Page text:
“This?” she snapped. Somehow, that one word seemed to sum it all up quite nicely. On the screen, people on Xandar were being dragged out from underneath a great landslide of sea-blue earth, and then suddenly the image changed to a vast makeshift mortuary, hundreds of bodies covered by sheets, crowds gathering around them, people crying-

“Yes,” Rocket said, feeling like he was going to be sick. Behind him he heard Kraglin slump back down to the floor.

“And Yondu is dead,” Aleta said. “Stay there and don’t move.”

“I’m not going anywhere. Obviously,” Rocket said, but she had already turned her screen off. Kraglin walked over and sat down next to Rocket and rubbed his face frantically with his sleeve. About half a minute passed during which no-one said anything. The screen flickered on again.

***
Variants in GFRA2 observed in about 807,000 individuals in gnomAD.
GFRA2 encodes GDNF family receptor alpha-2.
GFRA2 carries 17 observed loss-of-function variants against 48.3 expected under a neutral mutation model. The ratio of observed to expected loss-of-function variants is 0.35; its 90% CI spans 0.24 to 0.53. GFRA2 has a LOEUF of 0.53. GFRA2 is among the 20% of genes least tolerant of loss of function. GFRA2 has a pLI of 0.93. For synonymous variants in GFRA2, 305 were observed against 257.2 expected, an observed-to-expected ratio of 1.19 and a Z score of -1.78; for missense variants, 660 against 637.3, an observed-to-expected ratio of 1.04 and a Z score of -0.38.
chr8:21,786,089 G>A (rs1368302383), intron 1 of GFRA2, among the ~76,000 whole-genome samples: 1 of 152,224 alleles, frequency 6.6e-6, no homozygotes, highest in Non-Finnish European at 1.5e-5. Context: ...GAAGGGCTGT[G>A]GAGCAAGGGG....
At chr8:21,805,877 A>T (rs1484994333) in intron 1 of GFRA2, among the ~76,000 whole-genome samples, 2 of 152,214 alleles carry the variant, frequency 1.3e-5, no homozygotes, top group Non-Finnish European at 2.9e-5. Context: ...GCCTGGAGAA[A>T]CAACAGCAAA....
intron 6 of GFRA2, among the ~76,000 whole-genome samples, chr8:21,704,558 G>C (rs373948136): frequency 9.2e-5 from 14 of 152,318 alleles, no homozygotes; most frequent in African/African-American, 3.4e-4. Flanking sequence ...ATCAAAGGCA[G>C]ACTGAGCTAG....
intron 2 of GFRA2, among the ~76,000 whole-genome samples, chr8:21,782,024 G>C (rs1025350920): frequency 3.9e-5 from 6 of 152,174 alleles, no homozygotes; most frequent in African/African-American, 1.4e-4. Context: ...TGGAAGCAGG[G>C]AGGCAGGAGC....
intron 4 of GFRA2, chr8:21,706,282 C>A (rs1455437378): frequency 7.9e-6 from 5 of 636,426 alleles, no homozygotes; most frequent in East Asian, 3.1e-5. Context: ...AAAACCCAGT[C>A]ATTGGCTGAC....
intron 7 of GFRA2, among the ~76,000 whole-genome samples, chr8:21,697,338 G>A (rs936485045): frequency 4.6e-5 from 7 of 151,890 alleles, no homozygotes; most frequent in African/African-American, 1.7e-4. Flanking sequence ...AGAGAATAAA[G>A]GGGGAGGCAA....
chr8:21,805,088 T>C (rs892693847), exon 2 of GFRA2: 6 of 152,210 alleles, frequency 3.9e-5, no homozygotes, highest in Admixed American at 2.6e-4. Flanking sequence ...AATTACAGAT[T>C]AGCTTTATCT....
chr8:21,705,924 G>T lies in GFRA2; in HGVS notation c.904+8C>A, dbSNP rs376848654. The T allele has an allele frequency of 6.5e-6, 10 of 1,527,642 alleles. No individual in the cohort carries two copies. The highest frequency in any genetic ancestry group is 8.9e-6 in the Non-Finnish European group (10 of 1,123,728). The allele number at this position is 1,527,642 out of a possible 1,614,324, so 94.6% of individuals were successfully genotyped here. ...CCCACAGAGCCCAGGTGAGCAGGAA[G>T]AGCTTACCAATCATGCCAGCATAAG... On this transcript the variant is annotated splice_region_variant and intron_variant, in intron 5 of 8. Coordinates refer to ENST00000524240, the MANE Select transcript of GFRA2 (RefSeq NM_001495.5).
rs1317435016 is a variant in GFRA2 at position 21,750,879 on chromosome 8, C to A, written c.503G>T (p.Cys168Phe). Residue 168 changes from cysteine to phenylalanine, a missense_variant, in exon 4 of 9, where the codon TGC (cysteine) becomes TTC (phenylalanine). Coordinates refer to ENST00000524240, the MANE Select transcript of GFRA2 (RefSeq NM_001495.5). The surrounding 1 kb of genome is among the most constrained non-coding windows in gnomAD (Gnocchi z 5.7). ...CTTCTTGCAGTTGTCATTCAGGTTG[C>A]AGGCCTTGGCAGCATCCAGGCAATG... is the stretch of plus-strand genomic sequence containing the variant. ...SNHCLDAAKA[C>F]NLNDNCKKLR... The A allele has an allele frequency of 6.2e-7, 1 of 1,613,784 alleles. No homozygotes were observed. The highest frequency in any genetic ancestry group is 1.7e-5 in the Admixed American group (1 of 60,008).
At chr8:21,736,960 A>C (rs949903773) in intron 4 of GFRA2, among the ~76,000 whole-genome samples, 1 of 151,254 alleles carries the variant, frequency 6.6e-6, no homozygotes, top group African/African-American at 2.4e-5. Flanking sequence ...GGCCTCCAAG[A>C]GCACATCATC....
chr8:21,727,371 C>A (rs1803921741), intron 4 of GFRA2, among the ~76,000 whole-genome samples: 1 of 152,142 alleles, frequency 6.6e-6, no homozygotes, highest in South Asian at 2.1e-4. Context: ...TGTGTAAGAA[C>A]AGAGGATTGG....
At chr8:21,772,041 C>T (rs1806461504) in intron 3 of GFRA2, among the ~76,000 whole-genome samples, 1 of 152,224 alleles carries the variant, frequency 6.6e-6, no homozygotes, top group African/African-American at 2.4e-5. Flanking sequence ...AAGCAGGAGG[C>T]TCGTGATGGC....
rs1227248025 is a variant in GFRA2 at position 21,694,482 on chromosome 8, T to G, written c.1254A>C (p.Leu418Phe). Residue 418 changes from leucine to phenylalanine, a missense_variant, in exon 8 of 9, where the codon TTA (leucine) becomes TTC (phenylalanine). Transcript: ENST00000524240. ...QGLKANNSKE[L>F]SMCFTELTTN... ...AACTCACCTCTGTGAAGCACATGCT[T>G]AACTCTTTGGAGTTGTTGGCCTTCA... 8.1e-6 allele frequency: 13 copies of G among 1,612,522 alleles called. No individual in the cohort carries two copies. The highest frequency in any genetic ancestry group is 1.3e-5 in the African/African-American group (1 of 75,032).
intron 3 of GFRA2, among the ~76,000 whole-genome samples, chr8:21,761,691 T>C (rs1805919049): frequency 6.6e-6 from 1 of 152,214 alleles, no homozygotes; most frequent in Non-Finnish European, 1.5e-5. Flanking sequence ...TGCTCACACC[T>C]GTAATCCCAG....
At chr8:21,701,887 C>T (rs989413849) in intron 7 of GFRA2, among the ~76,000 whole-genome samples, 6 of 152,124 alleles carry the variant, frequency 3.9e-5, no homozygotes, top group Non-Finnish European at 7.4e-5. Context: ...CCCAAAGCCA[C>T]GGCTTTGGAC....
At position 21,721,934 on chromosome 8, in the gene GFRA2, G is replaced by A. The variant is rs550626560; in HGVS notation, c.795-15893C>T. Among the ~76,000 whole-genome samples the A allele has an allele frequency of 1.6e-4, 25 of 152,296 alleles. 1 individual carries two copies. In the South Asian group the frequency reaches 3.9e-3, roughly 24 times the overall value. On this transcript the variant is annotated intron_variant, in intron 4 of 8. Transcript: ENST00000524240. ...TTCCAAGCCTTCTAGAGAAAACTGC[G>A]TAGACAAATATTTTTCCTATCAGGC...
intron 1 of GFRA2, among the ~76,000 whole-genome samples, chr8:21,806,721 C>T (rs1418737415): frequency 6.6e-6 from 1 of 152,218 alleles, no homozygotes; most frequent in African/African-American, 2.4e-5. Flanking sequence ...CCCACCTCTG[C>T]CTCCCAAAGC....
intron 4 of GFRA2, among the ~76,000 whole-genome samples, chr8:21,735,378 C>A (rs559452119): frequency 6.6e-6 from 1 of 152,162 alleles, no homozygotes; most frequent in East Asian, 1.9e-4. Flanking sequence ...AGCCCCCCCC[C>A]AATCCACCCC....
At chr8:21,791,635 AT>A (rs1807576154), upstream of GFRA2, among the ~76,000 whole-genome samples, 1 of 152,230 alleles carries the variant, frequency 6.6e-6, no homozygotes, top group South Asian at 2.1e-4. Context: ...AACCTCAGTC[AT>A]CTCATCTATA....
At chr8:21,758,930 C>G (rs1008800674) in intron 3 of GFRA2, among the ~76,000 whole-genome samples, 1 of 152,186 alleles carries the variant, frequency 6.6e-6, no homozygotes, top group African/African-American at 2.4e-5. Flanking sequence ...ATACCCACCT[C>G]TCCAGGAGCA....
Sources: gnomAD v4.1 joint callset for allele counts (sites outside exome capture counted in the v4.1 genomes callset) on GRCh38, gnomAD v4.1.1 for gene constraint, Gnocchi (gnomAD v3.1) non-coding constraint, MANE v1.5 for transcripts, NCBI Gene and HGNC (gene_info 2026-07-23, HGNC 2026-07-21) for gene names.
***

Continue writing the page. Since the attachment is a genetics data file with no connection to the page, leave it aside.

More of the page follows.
Kraglin saluted, immediately. Stakar Ogord did not salute back.

“The fuck are you?” he said to Rocket, in exactly the same tone Aleta had used.

“Most people say ‘hi, thanks for calling, I know this is a terrible time for you right now.’”

“How did he die?”

“Straight to the point, aren’t you?”

“Sir,” Kraglin spoke up nervously, “Rocket’s a science experiment gone horribly wrong, and due to that he’s kinda touchy and snarky, don’t take any of what he says personal like, sir-“

Stakar (who was also, Rocket noticed, absolutely loaded down with guns) regarded Kraglin with what seemed like cool detachment.

“I remember you, boy. I almost admired your loyalty, y’know.”

“Not a boy anymore, sir,” said Kraglin.